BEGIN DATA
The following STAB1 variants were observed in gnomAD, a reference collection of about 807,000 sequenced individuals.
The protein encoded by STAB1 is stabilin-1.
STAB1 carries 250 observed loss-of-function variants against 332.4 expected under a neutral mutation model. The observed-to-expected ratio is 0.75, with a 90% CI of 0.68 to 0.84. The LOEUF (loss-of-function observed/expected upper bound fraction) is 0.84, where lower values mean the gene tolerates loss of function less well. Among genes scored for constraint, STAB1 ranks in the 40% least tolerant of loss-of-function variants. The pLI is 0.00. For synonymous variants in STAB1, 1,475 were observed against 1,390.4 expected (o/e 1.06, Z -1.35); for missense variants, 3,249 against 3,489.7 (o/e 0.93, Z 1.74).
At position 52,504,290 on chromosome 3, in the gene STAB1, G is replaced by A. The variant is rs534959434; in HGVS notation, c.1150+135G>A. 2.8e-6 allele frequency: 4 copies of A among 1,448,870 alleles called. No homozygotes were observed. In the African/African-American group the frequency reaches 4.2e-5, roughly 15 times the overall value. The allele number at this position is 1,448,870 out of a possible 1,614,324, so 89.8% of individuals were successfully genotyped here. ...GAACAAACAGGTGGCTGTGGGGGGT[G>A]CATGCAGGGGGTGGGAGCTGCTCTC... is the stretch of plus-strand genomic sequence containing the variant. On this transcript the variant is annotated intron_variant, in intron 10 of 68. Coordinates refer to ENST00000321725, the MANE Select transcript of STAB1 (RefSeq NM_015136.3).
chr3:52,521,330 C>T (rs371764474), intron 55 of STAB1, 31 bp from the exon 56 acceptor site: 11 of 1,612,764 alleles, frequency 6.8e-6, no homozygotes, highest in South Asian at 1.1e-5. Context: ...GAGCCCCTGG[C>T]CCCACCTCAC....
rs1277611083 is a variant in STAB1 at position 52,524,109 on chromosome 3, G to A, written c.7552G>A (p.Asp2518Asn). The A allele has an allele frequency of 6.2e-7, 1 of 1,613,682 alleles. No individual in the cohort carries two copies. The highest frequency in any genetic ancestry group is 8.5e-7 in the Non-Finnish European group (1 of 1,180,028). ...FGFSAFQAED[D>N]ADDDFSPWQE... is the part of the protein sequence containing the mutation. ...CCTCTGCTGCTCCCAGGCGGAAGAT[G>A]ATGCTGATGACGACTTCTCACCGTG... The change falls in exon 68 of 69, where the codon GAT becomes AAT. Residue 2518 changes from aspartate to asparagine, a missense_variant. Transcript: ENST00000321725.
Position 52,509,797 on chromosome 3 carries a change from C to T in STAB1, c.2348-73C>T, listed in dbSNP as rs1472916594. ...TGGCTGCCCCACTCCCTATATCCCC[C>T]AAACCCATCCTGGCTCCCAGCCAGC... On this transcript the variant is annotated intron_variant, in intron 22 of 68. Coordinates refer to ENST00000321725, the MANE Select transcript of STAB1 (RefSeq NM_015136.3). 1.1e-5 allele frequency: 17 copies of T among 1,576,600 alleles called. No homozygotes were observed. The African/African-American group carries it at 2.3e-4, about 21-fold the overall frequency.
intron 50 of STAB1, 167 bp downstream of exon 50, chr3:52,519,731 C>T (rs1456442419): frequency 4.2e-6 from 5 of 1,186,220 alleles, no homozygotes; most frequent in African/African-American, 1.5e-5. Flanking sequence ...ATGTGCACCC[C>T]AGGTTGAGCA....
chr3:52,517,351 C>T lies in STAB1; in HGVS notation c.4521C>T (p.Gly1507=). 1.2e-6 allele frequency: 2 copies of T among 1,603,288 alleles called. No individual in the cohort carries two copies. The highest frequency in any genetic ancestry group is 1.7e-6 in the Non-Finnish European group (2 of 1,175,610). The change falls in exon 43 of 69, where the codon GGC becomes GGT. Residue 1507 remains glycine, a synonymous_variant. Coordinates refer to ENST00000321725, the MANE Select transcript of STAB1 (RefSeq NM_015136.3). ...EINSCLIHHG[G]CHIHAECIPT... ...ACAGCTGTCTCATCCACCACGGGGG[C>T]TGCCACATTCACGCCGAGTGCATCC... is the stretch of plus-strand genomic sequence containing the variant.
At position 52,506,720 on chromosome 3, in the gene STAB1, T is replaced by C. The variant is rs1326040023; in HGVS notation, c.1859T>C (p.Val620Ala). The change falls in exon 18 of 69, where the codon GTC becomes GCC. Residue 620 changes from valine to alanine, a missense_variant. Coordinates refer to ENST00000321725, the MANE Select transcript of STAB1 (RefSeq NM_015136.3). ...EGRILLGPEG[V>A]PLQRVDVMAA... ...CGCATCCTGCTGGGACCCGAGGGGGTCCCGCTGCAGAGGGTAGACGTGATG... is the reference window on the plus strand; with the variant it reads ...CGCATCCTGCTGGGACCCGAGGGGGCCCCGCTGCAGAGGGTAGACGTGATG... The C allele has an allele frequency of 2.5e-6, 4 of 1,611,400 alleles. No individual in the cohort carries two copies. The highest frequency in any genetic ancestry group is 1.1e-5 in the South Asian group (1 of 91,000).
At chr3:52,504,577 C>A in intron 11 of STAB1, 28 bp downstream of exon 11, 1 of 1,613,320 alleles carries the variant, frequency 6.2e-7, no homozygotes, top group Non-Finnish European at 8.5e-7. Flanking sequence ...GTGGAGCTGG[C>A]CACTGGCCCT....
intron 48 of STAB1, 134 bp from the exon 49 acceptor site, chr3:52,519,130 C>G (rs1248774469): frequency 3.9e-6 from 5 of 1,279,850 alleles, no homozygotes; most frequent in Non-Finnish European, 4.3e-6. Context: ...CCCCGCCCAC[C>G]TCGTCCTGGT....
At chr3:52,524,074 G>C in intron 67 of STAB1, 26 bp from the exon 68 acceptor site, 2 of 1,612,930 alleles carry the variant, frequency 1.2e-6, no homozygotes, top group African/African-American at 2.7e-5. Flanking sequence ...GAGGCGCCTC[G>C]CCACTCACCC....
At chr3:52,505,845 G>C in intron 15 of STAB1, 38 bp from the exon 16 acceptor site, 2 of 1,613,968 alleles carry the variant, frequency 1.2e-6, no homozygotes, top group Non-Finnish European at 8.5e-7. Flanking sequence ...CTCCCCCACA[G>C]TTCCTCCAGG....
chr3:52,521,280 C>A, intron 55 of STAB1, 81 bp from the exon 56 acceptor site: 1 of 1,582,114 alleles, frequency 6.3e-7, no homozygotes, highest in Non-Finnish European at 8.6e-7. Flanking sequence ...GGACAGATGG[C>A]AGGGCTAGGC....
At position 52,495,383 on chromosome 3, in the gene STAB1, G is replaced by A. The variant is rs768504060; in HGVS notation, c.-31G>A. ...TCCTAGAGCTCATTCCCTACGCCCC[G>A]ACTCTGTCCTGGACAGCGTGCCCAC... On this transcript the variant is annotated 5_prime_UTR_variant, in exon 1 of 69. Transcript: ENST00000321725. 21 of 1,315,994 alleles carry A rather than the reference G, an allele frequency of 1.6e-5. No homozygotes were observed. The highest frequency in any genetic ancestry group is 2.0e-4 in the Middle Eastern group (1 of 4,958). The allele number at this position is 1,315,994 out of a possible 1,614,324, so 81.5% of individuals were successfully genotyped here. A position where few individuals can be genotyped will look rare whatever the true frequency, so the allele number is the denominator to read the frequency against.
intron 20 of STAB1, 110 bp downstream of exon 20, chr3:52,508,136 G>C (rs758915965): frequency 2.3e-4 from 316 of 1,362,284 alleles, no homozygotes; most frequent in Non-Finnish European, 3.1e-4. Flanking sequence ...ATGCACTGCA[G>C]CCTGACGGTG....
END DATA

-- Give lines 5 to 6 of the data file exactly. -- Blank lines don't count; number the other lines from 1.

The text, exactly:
chr3:52,521,330 C>T (rs371764474), intron 55 of STAB1, 31 bp from the exon 56 acceptor site: 11 of 1,612,764 alleles, frequency 6.8e-6, no homozygotes, highest in South Asian at 1.1e-5. Context: ...GAGCCCCTGG[C>T]CCCACCTCAC....
rs1277611083 is a variant in STAB1 at position 52,524,109 on chromosome 3, G to A, written c.7552G>A (p.Asp2518Asn). The A allele has an allele frequency of 6.2e-7, 1 of 1,613,682 alleles. No individual in the cohort carries two copies. The highest frequency in any genetic ancestry group is 8.5e-7 in the Non-Finnish European group (1 of 1,180,028). ...FGFSAFQAED[D>N]ADDDFSPWQE... is the part of the protein sequence containing the mutation. ...CCTCTGCTGCTCCCAGGCGGAAGAT[G>A]ATGCTGATGACGACTTCTCACCGTG... The change falls in exon 68 of 69, where the codon GAT becomes AAT. Residue 2518 changes from aspartate to asparagine, a missense_variant. Transcript: ENST00000321725.